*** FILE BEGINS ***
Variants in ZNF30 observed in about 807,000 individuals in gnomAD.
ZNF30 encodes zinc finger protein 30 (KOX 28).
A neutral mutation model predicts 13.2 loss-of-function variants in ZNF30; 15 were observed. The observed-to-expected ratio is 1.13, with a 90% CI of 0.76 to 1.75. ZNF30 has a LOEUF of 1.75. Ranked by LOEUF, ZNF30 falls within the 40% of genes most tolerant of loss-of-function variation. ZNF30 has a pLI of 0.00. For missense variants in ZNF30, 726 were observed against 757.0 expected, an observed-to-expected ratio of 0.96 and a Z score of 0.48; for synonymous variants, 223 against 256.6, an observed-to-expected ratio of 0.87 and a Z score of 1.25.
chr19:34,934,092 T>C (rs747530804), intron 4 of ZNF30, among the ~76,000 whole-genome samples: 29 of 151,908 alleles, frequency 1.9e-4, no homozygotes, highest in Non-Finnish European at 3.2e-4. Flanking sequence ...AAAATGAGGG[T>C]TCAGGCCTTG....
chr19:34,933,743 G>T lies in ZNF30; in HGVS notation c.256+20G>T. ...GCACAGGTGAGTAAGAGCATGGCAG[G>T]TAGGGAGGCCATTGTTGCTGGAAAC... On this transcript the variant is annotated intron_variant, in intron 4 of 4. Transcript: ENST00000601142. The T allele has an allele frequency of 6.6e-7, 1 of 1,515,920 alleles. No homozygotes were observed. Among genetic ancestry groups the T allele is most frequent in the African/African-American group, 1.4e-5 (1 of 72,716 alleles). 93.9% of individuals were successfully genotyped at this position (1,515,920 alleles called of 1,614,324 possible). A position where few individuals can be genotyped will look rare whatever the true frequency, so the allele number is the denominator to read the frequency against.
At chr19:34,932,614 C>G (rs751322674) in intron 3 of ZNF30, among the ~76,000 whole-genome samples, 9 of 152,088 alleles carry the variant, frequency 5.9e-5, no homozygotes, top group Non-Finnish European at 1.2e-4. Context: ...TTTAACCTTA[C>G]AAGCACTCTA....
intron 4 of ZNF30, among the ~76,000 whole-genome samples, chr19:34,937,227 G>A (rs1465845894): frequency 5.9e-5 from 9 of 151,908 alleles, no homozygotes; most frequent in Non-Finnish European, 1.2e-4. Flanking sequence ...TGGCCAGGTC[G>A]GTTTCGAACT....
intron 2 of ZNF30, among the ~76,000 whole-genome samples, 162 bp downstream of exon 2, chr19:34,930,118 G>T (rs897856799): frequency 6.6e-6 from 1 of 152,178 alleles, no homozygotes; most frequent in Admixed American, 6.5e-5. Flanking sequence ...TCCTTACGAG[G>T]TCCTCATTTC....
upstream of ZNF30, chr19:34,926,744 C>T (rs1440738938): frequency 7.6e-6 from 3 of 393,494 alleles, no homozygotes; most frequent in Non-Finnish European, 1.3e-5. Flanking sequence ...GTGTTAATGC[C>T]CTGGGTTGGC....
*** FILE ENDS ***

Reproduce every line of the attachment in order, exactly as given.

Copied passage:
Variants in ZNF30 observed in about 807,000 individuals in gnomAD.
ZNF30 encodes zinc finger protein 30 (KOX 28).
A neutral mutation model predicts 13.2 loss-of-function variants in ZNF30; 15 were observed. The observed-to-expected ratio is 1.13, with a 90% CI of 0.76 to 1.75. ZNF30 has a LOEUF of 1.75. Ranked by LOEUF, ZNF30 falls within the 40% of genes most tolerant of loss-of-function variation. ZNF30 has a pLI of 0.00. For missense variants in ZNF30, 726 were observed against 757.0 expected, an observed-to-expected ratio of 0.96 and a Z score of 0.48; for synonymous variants, 223 against 256.6, an observed-to-expected ratio of 0.87 and a Z score of 1.25.
chr19:34,934,092 T>C (rs747530804), intron 4 of ZNF30, among the ~76,000 whole-genome samples: 29 of 151,908 alleles, frequency 1.9e-4, no homozygotes, highest in Non-Finnish European at 3.2e-4. Flanking sequence ...AAAATGAGGG[T>C]TCAGGCCTTG....
chr19:34,933,743 G>T lies in ZNF30; in HGVS notation c.256+20G>T. ...GCACAGGTGAGTAAGAGCATGGCAG[G>T]TAGGGAGGCCATTGTTGCTGGAAAC... On this transcript the variant is annotated intron_variant, in intron 4 of 4. Transcript: ENST00000601142. The T allele has an allele frequency of 6.6e-7, 1 of 1,515,920 alleles. No homozygotes were observed. Among genetic ancestry groups the T allele is most frequent in the African/African-American group, 1.4e-5 (1 of 72,716 alleles). 93.9% of individuals were successfully genotyped at this position (1,515,920 alleles called of 1,614,324 possible). A position where few individuals can be genotyped will look rare whatever the true frequency, so the allele number is the denominator to read the frequency against.
At chr19:34,932,614 C>G (rs751322674) in intron 3 of ZNF30, among the ~76,000 whole-genome samples, 9 of 152,088 alleles carry the variant, frequency 5.9e-5, no homozygotes, top group Non-Finnish European at 1.2e-4. Context: ...TTTAACCTTA[C>G]AAGCACTCTA....
intron 4 of ZNF30, among the ~76,000 whole-genome samples, chr19:34,937,227 G>A (rs1465845894): frequency 5.9e-5 from 9 of 151,908 alleles, no homozygotes; most frequent in Non-Finnish European, 1.2e-4. Flanking sequence ...TGGCCAGGTC[G>A]GTTTCGAACT....
intron 2 of ZNF30, among the ~76,000 whole-genome samples, 162 bp downstream of exon 2, chr19:34,930,118 G>T (rs897856799): frequency 6.6e-6 from 1 of 152,178 alleles, no homozygotes; most frequent in Admixed American, 6.5e-5. Flanking sequence ...TCCTTACGAG[G>T]TCCTCATTTC....
upstream of ZNF30, chr19:34,926,744 C>T (rs1440738938): frequency 7.6e-6 from 3 of 393,494 alleles, no homozygotes; most frequent in Non-Finnish European, 1.3e-5. Flanking sequence ...GTGTTAATGC[C>T]CTGGGTTGGC....